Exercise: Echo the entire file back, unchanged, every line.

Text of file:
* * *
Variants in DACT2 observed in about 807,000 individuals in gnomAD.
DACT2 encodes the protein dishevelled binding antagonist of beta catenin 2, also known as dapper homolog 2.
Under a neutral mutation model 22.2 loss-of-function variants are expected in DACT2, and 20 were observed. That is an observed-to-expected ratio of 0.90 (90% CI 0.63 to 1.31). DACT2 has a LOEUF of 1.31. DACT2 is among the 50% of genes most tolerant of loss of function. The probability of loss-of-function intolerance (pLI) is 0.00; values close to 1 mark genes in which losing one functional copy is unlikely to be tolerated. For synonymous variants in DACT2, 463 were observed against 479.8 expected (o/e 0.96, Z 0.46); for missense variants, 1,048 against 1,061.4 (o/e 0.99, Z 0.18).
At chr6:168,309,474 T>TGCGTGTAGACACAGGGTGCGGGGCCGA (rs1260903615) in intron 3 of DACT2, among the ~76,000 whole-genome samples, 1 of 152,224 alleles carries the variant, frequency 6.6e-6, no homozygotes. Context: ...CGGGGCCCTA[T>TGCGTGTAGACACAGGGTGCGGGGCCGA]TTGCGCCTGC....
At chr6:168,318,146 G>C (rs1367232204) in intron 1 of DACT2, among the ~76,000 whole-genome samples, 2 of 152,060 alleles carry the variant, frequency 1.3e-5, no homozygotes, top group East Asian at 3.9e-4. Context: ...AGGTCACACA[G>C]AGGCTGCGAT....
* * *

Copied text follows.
Variants in DACT2 observed in about 807,000 individuals in gnomAD.
DACT2 encodes the protein dishevelled binding antagonist of beta catenin 2, also known as dapper homolog 2.
Under a neutral mutation model 22.2 loss-of-function variants are expected in DACT2, and 20 were observed. That is an observed-to-expected ratio of 0.90 (90% CI 0.63 to 1.31). DACT2 has a LOEUF of 1.31. DACT2 is among the 50% of genes most tolerant of loss of function. The probability of loss-of-function intolerance (pLI) is 0.00; values close to 1 mark genes in which losing one functional copy is unlikely to be tolerated. For synonymous variants in DACT2, 463 were observed against 479.8 expected (o/e 0.96, Z 0.46); for missense variants, 1,048 against 1,061.4 (o/e 0.99, Z 0.18).
At chr6:168,309,474 T>TGCGTGTAGACACAGGGTGCGGGGCCGA (rs1260903615) in intron 3 of DACT2, among the ~76,000 whole-genome samples, 1 of 152,224 alleles carries the variant, frequency 6.6e-6, no homozygotes. Context: ...CGGGGCCCTA[T>TGCGTGTAGACACAGGGTGCGGGGCCGA]TTGCGCCTGC....
At chr6:168,318,146 G>C (rs1367232204) in intron 1 of DACT2, among the ~76,000 whole-genome samples, 2 of 152,060 alleles carry the variant, frequency 1.3e-5, no homozygotes, top group East Asian at 3.9e-4. Context: ...AGGTCACACA[G>C]AGGCTGCGAT....